Qualitatively, the small atomic fragmental part of the Supreme Spirit is one with the Supreme. He undergoes no changes like the body. Sometimes the soul is called the steady, or kūṭastha. The body is subject to six kinds of transformations. It takes its birth in the womb of the mother's body, remains for some time, grows, produces some effects, gradually dwindles, and at last vanishes into oblivion. The soul, however, does not go through such changes. The soul is not born, but, because he takes on a material body, the body takes its birth. The soul does not take birth there, and the soul does not die. Anything which has birth also has death. And because the soul has no birth, he therefore has no past, present or future. He is eternal, ever-existing, and primeval—that is, there is no trace in history of his coming into being. Under the impression of the body, we seek the history of birth, etc., of the soul. The soul does not at any time become old, as the body does. The so-called old man, therefore, feels himself to be in the same spirit as in his childhood or youth. The changes of the body do not affect the soul. The soul does not deteriorate like a tree, nor anything material. The soul has no by-product either. The by-products of the body, namely children, are also different individual souls; and, owing to the body, they appear as children of a particular man. The body develops because of the soul's presence, but the soul has neither offshoots nor change. Therefore, the soul is free from the six changes of the body.
In the Kaṭha Upaniṣad also we find a similar passage which reads:
- na jāyate mriyate vā vipaścin
- nāyaṁ kutaścin na vibhūva kaścit
- ajo nityaḥ śāśvato 'yaṁ purāṇo
- na hanyate hanyamāne śarīre.
- (Kaṭha 1.2.18)
The meaning and purport of this verse is the same as in the Bhagavad-gītā, but here in this verse there is one special word, vipaścit, which means learned or with knowledge.
The soul is full of knowledge, or full always with consciousness. Therefore, consciousness is the symptom of the soul. Even if one does not find the soul within the heart, where he is situated, one can still understand the presence of the soul simply by the presence of consciousness. Sometimes we do not find the sun in the sky owing to clouds, or for some other reason, but the light of the sun is always there, and we are convinced that it is therefore daytime. As soon as there is a little light in the sky early in the morning, we can understand that the sun is in the sky. Similarly, since there is some consciousness in all bodies-whether man or animal-we can understand the presence of the soul. This consciousness of the soul is, however, different from the consciousness of the Supreme because the supreme consciousness is all-knowledge-past, present and future. The consciousness of the individual soul is prone to be forgetful. When he is forgetful of his real nature, he obtains education and enlightenment from the superior lessons of Kṛṣṇa. But Kṛṣṇa is not like the forgetful soul. If so, Kṛṣṇa's teachings of Bhagavad-gītā would be useless.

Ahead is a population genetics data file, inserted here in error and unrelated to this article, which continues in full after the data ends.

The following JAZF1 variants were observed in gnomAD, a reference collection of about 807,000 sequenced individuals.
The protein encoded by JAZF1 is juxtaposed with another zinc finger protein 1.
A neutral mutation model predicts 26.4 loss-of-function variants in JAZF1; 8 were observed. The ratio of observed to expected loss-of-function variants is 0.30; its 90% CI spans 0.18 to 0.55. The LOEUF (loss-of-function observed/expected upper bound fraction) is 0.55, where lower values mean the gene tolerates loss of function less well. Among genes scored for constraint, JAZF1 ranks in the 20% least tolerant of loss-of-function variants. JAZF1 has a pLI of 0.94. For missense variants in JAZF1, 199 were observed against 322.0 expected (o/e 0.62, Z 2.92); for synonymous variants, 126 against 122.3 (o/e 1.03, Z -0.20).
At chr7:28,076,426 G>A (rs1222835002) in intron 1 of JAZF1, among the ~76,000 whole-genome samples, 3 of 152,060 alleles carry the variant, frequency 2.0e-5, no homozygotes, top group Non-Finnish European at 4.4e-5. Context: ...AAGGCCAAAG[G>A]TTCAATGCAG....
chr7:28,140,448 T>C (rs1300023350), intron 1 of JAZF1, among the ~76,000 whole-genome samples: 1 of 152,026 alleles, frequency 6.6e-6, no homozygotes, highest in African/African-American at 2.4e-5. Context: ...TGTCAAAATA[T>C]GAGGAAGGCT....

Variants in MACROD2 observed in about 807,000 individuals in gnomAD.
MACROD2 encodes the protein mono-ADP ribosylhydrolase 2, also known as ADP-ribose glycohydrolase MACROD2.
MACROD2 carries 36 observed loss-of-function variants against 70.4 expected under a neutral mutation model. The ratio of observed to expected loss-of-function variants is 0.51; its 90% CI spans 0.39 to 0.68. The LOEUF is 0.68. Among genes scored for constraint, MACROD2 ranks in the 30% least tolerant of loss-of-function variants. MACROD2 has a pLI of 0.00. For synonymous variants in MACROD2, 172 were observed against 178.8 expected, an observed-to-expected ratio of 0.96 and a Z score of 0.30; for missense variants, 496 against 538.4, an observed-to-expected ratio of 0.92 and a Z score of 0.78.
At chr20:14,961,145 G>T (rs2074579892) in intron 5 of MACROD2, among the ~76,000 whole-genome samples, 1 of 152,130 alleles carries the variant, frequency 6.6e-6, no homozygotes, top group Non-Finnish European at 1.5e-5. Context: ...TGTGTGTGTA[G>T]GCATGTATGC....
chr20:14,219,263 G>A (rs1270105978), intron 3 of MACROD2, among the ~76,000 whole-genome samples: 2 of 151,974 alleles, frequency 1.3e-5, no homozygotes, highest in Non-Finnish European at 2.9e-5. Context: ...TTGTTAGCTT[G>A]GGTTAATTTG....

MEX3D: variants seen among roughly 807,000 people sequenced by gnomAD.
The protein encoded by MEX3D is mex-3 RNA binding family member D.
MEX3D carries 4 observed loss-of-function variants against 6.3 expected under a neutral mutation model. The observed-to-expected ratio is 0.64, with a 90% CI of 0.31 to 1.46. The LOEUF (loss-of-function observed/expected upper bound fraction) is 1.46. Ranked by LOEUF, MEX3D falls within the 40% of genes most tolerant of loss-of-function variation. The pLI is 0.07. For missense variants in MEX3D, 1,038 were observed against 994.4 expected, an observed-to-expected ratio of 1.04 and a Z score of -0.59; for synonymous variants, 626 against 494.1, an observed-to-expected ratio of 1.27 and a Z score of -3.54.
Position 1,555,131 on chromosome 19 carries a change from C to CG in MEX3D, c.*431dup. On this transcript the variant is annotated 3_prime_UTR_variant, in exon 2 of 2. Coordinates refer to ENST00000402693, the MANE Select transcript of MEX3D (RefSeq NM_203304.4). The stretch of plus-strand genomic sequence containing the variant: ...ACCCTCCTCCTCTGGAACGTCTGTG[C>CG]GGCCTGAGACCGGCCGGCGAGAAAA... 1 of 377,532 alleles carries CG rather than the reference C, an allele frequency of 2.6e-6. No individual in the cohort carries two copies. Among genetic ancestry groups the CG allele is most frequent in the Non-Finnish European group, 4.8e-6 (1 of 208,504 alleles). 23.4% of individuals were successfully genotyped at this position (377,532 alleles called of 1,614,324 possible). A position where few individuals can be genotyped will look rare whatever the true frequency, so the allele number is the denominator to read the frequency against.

There are two kinds of souls-namely the minute particle soul (aṇu-ātmā) and the Supersoul (the vibhu-ātmā). This is also confirmed in the Kaṭha Upaniṣad in this way:
- aṇor aṇīyān mahato mahīyān
- ātmāsya jantor nihito guhāyām
- tam akratuḥ paśyati vīta-śoko
- dhātuḥ prasādān mahimānam ātmanaḥ
- (Kaṭha 1.2.20)
"Both the Supersoul [Paramātmā] and the atomic soul [jīvātmā] are situated on the same tree of the body within the same heart of the living being, and only one who has become free from all material desires as well as lamentations can, by the grace of the Supreme, understand the glories of the soul." Kṛṣṇa is the fountainhead of the Supersoul also, as it will be disclosed in the following chapters, and Arjuna is the atomic soul, forgetful of his real nature; therefore he requires to be enlightened by Kṛṣṇa, or by His bona fide representative (the spiritual master).